Wenlock’s name is inspired by the town of Much Wenlock, who first held Olympian Games in 1850, and this is considered to have been the inspiration for Pierre du Coubertin to start up the modern Olympic movement in 1890 when he established the International Olympic Committee.

The design of Wenlock is quite thoughtful (he’s the one with the orange detail in the picture), when one analyses it. He has on his wrists 5 friendship bracelets, which each take a colour of an Olympic ring. The three points protruding at the top of his head apparently symbolise the three places on the podium, and apparently they’re also a nod to the architecture of the Olympic Stadium. The orange oval with a W in it is a nod to London Taxis.

A clearer picture of Wenlock, snapped by me in Leicester Square.

The name Wenlock most probably derives from Old English, and like Whitlock before it, the second element of the name likely means enclosure/stronghold.

The second part is interesting because Wenna is the name of an obscure 5th century Cornish saint (are there any other kinds of Cornish saints?) with the name, which is a cognate of Gwen, a name that means white, pure, blessed.

Mandeville is for a hospital called Stoke Mandeville Hospital which organised the Stoke Mandeville Games for injured soldiers, and is considered a forerunner to the Paralympic Games.

Stoke Mandeville is a town, originally known simply as Stoke or Stoc in the Doomsday Book. The addition of Mandeville came with the Norman de Mandeville family settling in the area.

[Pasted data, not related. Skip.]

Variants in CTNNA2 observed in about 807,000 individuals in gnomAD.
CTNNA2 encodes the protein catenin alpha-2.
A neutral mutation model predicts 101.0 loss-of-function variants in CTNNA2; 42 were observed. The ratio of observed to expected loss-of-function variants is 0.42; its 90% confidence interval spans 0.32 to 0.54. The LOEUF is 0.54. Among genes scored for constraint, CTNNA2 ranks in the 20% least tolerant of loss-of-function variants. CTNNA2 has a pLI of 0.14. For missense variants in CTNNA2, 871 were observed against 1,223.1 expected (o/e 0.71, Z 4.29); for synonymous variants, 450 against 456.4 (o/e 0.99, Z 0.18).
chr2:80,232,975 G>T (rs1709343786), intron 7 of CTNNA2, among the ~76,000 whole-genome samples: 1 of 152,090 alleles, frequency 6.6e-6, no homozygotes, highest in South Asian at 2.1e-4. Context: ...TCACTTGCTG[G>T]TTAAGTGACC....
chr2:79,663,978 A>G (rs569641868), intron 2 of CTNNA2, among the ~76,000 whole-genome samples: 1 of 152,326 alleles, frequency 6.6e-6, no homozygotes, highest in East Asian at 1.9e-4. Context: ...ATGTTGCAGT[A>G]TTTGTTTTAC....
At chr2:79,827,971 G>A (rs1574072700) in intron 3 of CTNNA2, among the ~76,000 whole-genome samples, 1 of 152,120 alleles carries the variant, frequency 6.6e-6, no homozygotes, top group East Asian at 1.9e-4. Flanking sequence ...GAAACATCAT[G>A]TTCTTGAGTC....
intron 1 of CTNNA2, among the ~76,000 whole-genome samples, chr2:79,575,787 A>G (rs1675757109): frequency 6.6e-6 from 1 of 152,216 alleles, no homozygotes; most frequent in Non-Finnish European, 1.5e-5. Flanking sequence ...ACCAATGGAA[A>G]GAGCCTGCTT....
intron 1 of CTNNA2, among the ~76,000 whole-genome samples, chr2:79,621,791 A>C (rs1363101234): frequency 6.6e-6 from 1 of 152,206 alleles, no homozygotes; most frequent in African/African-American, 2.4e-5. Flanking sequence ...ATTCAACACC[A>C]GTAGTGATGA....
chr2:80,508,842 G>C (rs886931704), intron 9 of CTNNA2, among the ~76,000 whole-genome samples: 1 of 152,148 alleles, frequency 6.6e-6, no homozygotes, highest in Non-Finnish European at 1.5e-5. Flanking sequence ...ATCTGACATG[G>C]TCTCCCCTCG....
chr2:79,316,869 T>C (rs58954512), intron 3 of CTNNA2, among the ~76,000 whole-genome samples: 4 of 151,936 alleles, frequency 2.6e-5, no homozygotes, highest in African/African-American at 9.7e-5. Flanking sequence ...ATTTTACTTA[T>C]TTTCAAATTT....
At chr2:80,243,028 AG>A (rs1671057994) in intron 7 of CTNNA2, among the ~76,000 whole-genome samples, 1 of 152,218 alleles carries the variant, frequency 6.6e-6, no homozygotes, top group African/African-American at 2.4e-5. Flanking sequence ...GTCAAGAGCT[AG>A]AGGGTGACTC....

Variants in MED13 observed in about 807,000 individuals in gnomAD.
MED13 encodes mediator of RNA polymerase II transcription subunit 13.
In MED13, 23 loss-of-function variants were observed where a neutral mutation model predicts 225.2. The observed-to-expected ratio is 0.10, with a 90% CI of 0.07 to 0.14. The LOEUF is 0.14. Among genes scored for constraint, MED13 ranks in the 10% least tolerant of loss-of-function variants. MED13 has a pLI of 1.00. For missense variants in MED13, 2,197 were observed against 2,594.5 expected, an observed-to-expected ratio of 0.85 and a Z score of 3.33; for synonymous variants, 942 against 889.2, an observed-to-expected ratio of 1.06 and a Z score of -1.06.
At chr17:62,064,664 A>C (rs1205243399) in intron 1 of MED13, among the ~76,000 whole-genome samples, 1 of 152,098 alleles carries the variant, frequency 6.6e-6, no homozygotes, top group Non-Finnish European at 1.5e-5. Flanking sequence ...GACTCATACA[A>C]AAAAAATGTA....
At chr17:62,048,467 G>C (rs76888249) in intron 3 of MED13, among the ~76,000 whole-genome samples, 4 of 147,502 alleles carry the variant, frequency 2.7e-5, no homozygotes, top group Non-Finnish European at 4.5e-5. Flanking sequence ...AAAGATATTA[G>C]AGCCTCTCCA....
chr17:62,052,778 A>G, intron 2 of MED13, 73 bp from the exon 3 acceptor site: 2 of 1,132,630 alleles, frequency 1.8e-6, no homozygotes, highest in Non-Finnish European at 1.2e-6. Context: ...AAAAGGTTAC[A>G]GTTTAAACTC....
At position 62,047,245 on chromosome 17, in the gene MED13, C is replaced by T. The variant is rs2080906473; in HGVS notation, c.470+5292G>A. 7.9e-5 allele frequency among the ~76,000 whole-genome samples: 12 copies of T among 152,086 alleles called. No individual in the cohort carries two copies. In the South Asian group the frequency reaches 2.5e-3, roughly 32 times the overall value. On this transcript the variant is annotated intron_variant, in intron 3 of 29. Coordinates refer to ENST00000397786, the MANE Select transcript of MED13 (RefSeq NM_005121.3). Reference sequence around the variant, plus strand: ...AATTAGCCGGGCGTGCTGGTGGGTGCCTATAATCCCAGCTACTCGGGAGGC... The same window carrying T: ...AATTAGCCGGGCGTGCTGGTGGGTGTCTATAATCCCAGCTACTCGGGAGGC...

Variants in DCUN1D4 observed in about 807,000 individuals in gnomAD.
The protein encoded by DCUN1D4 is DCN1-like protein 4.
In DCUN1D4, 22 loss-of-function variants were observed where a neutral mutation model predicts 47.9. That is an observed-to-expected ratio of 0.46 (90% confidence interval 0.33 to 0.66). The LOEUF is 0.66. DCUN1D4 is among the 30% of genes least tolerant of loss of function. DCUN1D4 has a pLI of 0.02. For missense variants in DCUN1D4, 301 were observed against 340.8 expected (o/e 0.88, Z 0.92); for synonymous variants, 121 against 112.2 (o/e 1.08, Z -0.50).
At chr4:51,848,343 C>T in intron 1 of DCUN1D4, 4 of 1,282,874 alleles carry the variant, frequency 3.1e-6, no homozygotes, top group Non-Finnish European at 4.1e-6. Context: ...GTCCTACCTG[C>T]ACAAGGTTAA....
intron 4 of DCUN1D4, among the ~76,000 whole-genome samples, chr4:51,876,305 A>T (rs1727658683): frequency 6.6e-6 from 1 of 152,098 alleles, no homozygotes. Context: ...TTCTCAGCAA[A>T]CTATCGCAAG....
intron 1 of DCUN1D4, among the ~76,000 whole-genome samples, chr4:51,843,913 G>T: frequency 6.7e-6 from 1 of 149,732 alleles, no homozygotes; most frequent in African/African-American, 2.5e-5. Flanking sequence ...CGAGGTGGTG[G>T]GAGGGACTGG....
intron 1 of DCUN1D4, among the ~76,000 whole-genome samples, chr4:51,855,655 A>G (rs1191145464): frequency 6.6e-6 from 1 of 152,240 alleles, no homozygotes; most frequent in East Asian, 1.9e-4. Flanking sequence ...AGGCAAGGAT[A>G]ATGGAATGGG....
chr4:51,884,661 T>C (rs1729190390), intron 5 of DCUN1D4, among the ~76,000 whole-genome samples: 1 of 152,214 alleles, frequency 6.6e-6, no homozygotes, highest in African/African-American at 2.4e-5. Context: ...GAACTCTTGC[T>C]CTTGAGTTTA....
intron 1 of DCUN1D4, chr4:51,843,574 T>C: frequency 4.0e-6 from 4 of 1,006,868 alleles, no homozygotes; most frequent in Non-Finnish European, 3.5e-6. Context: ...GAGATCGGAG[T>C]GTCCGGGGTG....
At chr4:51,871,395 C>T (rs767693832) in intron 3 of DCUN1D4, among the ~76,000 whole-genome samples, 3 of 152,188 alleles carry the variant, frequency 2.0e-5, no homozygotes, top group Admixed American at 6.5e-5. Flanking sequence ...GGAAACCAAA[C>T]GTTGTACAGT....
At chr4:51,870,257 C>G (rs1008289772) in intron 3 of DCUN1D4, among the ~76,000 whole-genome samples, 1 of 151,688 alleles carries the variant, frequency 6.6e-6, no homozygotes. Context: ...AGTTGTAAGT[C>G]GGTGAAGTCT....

Ville is a common place suffix, think Bournville, which comes from French and means town. The first part of the name likely derives from the Germanic manno, which means man.

NB: Shortly after I posted this, Mo Farah grabbed his second gold medal in the 5000m and twitter was alight with people joking that Mo should name his twin girls Wenlock&Mandeville when they arrive in the next few weeks. 

Categories: Olympics | Tags: , | 3 Comments

Henrique&Jasmine vs. Frankie&June

from wordpress.com

It may have been precisely two weeks ago now, but I don’t suppose you remember the opening ceremony for the games?

Apparently a lot of things went over the heads of the non-Brits, but a couple of things went over my head the first time I saw it too, but mainly because I was concentrating my attention on the wrong things. That and you couldn’t see things clearly from where I was sat (with the tree on my immediate left).  Remember Voldemort? When I went to the rehearsal I didn’t even realise the billowy black figure was him until I saw the ceremony live on TV two days after. I even had decent pictures of him, and still managed to miss it.

Bah.

One of the other things I completely missed the first time around was the love–story intersecting the music section near the end. To me, it was just a medley of super-cool songs from my Dad’s vinyl collection.

I digress.

You probably know by now that the two characters were called Frankie and June, especially since the title of the sequence was Frankie and June say thanks Tim – with Tim referring to Sir Tim Berners-Lee, who turns up at the end of the sequence. The interesting thing to note was that he wasn’t at the rehearsal so the house just lifted up to an empty space underneath.